About one million new immigrants arrived in Israel from the former USSR over the past two decades. It is currently the Jewish population's largest ethnic group in Israel. The number of "mixed marriages" among Russian Jews reached some 80 percent in recent years. Questions such as "who is a Jew," and "who is a convert" are even more potent among this community. In the eyes of observant Jews – and as a result also in the eyes of the State – a family of new immigrants from the former USSR comprising a Jewish father, a non-Jewish mother and two children – is perceived as a family that is 75 percent non-Jewish.
This is not so according to the average Russian Jew. The children, and often the woman in such families, suffered from acts of anti-Semitism in Russia, encountered difficulties in enrolling in universities and couldn't find appropriate employment. Many partook in the struggle to make aliyah. Many viewed themselves as Jews until arriving in Israel. It is the State of Israel that forces a vague identity on these people.
Jewish immigrants are undergoing a deep identity crisis. This crisis is also accompanied by real discrimination – they are not legally permitted to marry in Israel, they encounter problems regarding their personal status, and finally they are buried behind the fence. Isn't Israeli society obligated to help them?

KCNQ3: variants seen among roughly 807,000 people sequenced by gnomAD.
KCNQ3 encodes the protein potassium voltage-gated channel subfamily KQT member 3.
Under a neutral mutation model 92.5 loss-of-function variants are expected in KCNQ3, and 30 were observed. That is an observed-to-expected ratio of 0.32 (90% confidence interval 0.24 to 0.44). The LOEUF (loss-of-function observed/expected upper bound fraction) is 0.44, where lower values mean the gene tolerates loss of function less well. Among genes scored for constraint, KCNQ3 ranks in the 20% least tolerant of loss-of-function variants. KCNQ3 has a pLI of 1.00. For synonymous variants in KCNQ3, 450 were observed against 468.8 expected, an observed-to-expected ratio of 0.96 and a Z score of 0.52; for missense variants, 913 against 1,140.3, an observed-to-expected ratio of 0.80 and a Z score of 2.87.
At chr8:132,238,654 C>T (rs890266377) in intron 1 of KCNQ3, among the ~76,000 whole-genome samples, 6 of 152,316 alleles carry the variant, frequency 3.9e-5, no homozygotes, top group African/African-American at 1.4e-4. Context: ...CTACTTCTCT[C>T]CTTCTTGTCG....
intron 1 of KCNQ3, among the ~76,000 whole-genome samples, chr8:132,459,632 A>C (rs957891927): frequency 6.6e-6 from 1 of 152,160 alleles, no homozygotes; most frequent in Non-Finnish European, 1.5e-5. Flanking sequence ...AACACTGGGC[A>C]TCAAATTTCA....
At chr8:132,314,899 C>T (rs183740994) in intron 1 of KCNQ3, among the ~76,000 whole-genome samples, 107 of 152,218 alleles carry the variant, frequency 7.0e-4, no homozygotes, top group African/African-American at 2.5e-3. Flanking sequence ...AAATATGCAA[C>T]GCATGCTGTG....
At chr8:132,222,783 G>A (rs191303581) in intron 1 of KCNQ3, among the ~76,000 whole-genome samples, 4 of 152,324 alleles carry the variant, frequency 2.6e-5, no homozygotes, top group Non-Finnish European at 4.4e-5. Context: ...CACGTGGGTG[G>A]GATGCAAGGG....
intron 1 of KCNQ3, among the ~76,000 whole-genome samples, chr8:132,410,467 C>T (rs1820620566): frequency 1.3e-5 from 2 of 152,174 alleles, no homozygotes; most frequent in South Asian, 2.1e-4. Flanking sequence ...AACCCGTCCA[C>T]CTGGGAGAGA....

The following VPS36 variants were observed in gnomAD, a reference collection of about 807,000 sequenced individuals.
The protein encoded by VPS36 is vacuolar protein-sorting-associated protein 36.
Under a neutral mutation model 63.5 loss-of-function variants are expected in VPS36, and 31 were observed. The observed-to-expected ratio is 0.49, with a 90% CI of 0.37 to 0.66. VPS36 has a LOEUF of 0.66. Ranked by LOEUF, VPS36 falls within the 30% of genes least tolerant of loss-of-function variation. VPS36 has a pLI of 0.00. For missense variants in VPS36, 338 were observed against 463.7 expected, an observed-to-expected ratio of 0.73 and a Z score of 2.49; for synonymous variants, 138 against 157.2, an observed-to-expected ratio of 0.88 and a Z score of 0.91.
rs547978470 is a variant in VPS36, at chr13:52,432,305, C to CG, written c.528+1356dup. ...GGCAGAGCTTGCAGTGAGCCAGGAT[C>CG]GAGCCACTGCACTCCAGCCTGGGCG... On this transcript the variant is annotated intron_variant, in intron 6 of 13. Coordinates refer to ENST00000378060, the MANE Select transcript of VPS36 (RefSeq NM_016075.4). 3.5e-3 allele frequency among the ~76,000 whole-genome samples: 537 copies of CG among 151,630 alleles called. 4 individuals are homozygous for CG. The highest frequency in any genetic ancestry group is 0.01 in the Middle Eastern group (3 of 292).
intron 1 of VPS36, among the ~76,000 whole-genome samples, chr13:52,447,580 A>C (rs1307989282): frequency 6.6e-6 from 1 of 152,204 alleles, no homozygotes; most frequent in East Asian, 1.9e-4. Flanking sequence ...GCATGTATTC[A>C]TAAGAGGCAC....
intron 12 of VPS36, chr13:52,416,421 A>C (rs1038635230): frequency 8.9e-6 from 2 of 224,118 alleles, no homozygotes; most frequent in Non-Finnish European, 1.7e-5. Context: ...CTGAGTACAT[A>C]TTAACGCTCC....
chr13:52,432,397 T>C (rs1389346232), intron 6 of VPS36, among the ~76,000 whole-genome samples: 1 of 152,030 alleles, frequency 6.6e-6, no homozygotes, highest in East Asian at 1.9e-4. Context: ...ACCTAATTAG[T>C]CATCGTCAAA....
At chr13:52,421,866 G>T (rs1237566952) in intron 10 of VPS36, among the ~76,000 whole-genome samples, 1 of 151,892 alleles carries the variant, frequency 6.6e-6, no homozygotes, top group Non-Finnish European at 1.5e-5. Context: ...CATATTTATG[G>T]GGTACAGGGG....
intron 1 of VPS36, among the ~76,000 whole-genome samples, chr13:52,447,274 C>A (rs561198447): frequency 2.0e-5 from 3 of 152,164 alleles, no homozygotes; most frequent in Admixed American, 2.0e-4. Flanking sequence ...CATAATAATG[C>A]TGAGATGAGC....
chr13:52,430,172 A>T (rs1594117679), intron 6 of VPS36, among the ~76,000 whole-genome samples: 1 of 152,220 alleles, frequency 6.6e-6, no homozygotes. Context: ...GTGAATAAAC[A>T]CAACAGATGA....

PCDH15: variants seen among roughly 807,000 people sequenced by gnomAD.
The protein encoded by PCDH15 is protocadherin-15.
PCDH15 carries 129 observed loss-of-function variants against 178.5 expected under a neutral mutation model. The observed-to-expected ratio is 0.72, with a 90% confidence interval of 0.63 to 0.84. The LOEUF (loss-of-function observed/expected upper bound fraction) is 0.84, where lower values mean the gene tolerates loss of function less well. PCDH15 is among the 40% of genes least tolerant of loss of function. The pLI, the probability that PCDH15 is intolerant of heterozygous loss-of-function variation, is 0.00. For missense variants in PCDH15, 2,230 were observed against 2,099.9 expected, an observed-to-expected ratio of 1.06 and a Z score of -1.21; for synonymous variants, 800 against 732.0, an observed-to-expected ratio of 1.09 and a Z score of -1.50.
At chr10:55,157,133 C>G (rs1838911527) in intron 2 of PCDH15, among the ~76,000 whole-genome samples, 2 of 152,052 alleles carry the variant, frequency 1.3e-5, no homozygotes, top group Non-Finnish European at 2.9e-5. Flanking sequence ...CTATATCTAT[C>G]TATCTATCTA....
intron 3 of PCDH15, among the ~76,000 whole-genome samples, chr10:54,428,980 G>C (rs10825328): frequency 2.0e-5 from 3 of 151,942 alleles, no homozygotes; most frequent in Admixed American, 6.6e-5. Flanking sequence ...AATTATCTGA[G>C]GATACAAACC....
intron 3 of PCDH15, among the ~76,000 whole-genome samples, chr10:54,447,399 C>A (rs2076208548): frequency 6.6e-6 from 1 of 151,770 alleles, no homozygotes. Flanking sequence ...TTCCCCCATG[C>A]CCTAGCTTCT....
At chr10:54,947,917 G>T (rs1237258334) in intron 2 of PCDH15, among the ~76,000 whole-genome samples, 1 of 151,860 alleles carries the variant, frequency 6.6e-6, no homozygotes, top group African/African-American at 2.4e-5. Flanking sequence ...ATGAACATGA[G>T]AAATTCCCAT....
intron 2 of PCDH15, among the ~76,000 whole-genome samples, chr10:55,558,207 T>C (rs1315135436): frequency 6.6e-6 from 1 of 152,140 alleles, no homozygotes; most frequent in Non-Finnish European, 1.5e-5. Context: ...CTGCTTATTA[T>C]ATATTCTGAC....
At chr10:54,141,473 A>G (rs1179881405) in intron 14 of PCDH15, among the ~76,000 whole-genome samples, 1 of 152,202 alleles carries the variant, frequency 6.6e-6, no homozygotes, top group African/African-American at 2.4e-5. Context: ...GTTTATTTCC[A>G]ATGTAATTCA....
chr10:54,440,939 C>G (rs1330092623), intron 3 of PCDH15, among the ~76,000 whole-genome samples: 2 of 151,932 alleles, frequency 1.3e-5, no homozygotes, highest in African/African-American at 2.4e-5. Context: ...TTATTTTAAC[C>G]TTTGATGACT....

The chief rabbinate has monopolized all the religious services, including matters of conversion. The rabbinic courts make life difficult for anyone wishing to convert. The demands made on Jewish couples, the obligation to enroll children in religious educational institutions only and the harsh halachic way of life they are forced to adopt – does not allow the majority of immigrants to convert and to become Jews in the State of Israel.
The Law of Return does not grant the right of aliyah to a Jew who converted to Christianity. Yet following aliyah, everything is open – in present-day Israel it is easier to convert to Christianity than it is to convert to Judaism. And this is just one of the social responses developing in face of the rejections by religious institutions. There are also cases where immigrants become "enclosed" within "Russian ghettos," developing hatred towards the State and anti-Semitism (including anti-Semitic graffiti in Russian), migration to anywhere at every opportunity. Hence, the State of Israel and the people of Israel are losing masses of young people who are willing to become part of the Jewish State.